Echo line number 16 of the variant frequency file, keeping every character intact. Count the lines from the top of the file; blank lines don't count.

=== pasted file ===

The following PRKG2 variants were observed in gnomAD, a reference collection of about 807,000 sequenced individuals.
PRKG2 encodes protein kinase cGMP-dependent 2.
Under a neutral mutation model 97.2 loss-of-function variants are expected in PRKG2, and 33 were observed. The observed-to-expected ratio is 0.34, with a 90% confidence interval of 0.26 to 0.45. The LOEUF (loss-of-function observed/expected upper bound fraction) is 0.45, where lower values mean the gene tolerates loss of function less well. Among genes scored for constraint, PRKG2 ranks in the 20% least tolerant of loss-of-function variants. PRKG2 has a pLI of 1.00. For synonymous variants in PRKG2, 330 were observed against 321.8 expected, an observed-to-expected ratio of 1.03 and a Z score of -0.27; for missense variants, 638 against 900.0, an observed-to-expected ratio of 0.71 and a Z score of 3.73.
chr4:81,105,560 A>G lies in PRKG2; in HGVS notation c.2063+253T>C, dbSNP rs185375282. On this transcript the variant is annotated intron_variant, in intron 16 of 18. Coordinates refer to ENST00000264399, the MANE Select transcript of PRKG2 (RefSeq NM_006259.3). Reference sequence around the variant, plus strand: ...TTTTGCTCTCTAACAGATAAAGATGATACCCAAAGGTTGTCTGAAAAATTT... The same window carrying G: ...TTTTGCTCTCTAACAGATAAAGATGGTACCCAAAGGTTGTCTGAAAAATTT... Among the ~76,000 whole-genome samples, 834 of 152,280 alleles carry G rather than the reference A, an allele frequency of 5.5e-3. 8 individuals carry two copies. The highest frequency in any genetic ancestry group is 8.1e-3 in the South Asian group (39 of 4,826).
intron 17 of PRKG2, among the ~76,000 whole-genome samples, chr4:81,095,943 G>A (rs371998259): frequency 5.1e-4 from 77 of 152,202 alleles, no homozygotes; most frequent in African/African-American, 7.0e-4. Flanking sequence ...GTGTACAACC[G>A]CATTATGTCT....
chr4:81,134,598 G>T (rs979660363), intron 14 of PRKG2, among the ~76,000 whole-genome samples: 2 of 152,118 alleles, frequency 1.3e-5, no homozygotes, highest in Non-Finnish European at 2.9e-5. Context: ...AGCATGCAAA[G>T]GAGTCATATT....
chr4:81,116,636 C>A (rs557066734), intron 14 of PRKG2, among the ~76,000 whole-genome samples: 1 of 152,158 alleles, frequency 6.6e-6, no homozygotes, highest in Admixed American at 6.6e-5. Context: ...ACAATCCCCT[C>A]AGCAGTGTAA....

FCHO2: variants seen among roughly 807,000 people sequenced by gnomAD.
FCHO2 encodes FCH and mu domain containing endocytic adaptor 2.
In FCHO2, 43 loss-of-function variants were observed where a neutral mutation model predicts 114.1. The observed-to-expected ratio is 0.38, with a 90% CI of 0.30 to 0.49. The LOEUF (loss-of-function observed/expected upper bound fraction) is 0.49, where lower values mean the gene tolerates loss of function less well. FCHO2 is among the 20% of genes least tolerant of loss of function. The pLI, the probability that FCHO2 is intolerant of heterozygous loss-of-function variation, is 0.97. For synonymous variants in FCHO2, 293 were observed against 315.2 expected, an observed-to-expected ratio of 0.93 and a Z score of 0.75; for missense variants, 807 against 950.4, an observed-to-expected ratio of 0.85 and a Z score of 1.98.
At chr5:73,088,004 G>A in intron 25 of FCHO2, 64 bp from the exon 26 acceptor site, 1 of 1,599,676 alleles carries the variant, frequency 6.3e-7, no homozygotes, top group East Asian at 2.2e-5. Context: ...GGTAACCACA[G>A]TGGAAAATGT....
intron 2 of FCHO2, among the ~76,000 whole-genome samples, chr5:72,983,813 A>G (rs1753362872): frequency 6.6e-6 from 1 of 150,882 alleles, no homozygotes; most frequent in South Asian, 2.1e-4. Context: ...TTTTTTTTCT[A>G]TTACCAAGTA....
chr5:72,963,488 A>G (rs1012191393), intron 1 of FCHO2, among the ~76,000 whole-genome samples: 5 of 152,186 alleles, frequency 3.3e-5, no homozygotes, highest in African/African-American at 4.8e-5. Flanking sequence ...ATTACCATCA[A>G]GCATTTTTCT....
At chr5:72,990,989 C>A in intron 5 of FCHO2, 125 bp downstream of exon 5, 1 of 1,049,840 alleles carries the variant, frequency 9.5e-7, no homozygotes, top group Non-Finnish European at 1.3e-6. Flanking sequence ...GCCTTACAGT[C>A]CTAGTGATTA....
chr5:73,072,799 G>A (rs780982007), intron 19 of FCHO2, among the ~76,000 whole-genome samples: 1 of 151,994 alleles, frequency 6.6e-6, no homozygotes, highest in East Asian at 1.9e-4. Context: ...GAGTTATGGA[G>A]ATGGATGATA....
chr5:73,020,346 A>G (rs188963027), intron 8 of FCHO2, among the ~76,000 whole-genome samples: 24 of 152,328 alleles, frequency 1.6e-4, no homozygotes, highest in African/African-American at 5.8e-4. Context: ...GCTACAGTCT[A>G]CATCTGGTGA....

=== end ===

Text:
chr5:73,020,346 A>G (rs188963027), intron 8 of FCHO2, among the ~76,000 whole-genome samples: 24 of 152,328 alleles, frequency 1.6e-4, no homozygotes, highest in African/African-American at 5.8e-4. Context: ...GCTACAGTCT[A>G]CATCTGGTGA....